I’m sure I’ve taught the Word of God incorrectly at times through the years, as much as it pains me to say so. I know God’s Word is absolutely true – every word, every concept, every story. I also know my mind isn’t perfect, my heart is sinful, and sometimes I just mess up.
So this week, I heard something that goes against God’s Word – an errant teaching I’ve encountered before on the internet but not from the mouth of a friend. I’m not going to share what it was as that would be an article in itself. But today I’m wondering a few things…
- What distinguishes a false teacher from a teacher who messed up on a particular point?
- What distinguishes a false teaching from a teaching with which I happen to disagree?
- Where is the line between areas where we “agree to disagree” and areas that are “deal-breakers” under valid Christian teaching?
Many believers think the end times are approaching quickly. If this is so, Scripture warns that false teaching and deception will be prevalent in our world. “False messiahs and false prophets will arise and perform great signs and wonders to lead astray, if possible, even the elect” (Matthew 24:24). And again later, “Now the Spirit explicitly says that in later times some will depart from the faith, paying attention to deceitful spirits and the teachings of demons, through the hypocrisy of liars whose consciences are seared” (1 Timothy 4:1).
So, if false teachings and deceptions will increase, I think it’d be wise of us to answer some of these questions.
A false teacher from a teacher who messed up
No Bible translation is perfect, no denomination is perfect, no pastor or teacher is perfect, no commentator is perfect, and no Christian blogger is perfect. Sometimes I think God allows this on purpose as only He is perfect. No one and nothing will ever match His sinless perfection. Every person who’s ever tried to teach something from the Bible has messed up at some point. So how do we distinguish between a teacher who messed up and a false teacher?
I think a key factor is intent behind the teaching. I can only speak for myself, but I know my intentions in studying the Bible and writing about it is to know Him and make Him known. My books and blog are a natural outcome of my desire to love and serve God. A false teacher’s intention is destruction. “But there were also false prophets among the people, just as there will be false teachers among you. They will secretly bring in destructive heresies…” (2 Peter 2:1). It goes on to describe their work as unrestrained, blasphemous, exploitative, and greedy.
Another key factor is the outcome of their teaching. Good teaching brings others into a relationship with Jesus and then helps them continue to grow in their relationship with Him. This isn't the case with false teachers. “Beware of false prophets who come to you in sheep’s clothing but inwardly are ravaging wolves. You’ll recognize them by their fruit. … Every good tree produces good fruit, but a bad tree produces bad fruit. A good tree can’t produce bad fruit; neither can a bad tree produce good fruit” (Matthew 7:15-18).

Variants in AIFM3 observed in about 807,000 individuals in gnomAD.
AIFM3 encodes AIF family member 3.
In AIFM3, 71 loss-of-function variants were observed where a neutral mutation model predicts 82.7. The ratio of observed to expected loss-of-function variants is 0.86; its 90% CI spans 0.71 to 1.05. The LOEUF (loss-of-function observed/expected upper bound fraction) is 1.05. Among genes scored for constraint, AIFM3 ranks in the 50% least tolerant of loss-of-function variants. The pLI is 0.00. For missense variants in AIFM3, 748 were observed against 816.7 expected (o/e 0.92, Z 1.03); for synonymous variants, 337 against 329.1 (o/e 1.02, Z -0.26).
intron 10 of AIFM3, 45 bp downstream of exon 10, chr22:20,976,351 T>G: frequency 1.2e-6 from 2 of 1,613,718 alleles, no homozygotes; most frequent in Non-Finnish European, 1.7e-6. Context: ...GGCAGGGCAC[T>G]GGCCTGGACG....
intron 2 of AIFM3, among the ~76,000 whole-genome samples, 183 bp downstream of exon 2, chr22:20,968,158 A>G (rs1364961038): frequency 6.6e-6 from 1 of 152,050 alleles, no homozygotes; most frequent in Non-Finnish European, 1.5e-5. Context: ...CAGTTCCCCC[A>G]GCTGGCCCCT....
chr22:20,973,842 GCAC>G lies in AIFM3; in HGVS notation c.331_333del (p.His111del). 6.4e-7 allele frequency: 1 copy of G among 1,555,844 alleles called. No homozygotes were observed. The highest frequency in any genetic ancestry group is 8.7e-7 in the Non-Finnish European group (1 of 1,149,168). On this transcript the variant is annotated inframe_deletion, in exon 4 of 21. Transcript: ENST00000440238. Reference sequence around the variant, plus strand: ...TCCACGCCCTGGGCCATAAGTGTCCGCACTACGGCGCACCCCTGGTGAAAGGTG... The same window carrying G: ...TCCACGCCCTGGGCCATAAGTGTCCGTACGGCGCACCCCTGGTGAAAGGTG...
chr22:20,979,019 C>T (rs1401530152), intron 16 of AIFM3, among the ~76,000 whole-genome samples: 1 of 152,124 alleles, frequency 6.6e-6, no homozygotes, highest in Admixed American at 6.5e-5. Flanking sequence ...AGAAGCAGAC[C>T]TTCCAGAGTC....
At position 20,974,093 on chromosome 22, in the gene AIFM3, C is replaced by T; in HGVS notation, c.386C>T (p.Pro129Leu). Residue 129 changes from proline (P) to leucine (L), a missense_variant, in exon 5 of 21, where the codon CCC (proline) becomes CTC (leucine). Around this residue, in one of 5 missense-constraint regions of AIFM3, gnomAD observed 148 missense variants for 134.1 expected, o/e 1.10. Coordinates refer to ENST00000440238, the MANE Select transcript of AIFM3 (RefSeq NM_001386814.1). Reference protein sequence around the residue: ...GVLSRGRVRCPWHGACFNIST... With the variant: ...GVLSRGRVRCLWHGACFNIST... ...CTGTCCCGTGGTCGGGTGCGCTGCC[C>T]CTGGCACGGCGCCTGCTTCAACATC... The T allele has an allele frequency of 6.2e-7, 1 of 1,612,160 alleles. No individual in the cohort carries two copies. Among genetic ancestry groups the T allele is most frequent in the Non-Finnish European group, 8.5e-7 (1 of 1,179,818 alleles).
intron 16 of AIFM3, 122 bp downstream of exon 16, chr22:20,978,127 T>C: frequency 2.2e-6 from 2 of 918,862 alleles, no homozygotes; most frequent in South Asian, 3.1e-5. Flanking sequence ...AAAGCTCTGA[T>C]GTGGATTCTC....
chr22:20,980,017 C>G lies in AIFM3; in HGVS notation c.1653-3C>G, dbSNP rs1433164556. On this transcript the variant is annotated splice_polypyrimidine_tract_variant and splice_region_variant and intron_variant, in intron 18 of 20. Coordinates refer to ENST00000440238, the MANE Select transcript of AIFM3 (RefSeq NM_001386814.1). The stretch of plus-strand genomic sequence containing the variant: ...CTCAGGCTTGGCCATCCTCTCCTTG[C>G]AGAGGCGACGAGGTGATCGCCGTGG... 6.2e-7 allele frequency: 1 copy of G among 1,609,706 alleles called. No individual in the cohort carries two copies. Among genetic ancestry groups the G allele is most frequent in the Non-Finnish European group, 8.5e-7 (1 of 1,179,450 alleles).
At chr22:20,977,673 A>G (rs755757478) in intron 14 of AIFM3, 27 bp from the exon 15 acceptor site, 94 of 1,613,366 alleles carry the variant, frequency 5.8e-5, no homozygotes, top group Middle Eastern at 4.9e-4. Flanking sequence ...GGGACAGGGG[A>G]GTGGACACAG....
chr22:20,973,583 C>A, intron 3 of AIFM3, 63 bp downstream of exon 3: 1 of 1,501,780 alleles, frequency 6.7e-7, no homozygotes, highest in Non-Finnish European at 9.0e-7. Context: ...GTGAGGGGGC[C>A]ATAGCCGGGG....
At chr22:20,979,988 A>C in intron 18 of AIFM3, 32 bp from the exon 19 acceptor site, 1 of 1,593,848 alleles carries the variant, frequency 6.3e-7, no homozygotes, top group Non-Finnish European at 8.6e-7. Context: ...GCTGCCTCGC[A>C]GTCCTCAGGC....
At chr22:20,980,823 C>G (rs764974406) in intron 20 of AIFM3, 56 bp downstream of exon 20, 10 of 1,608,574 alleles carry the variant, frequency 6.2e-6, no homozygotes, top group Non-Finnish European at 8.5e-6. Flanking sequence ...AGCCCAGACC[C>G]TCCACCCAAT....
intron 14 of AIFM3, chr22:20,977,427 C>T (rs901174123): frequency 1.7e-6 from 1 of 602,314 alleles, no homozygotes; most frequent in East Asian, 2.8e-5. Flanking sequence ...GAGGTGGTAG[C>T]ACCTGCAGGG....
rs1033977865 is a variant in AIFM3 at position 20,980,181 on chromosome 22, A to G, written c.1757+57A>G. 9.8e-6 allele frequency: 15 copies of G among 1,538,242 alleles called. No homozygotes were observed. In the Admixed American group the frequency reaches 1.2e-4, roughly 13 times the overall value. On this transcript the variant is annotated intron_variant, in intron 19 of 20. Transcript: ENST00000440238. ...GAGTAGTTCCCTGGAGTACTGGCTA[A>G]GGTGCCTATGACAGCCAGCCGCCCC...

A false teaching from a teaching with which I disagree
Or, to say it another way, it might be ok for us to disagree on some teachings. In other areas, lines have to be drawn, truth spoken, and even relationships severed at times. Where is the line between these two areas? After all, I know of no other person with whom I agree on every single detail of Christianity. When is it ok and when is it a deal-breaker?
Sometimes we may disagree but we don’t have to argue about it. I think of a friend who believes the rapture will happen at the end of the tribulation whereas I think it will happen at the beginning. We can’t know for sure and simply agree to disagree.
At the other end of the spectrum, I heard a church deny Jesus rose from the dead after His crucifixion. I don’t have to question or wonder; I know this is a deal breaker. If we deny the resurrection of Jesus, then God’s Word is a lie. The whole plan falls apart.
The problem comes in a wide range of areas in between these two extremes. That is why Paul wrote, “Test all things. Hold on to what is good” (1 Thessalonians 5:21). We have to put this into practice rather than blindly accept every teaching we hear – even if that teaching comes from someone we know and respect.
John gives us a little more help when trying to discern the validity of a teaching. He wrote, “Do not believe every spirit, but test the spirits to determine if they are from God, because many false prophets have gone out into the world. This is how you know the Spirit of God: Every spirit who confesses that Jesus Christ has come in the flesh is from God. But every spirit who does not confess Jesus is not from God” (1 John 4:1-3).
Denying Jesus isn’t only denying what the Bible says about Him. To deny Jesus is to deny the whole of the Word of God as John also wrote, “In the beginning was the Word, and the Word was with God, and the Word was God. … The Word became flesh and took up residence among us. We observed His glory, the glory as the One and Only Son from the Father, full of grace and truth” (John 1:1, 14). The Word isn’t merely about Jesus; Jesus is the Word made flesh.
I guess it comes down to one thing when we’re trying to determine if we can agree to disagree or if the issue is a deal-breaker. Does this teaching deny Jesus – His truth, His Word, or His work? If the answer is yes, then it’s more in the deal breaker range. If the answer is no, then maybe we can agree to disagree. We’ll only know into which category it falls if we know the Bible for Jesus Himself – the Word made flesh – said, “You are deceived, because you don’t know the Scriptures or the power of God” (Matthew 22:29).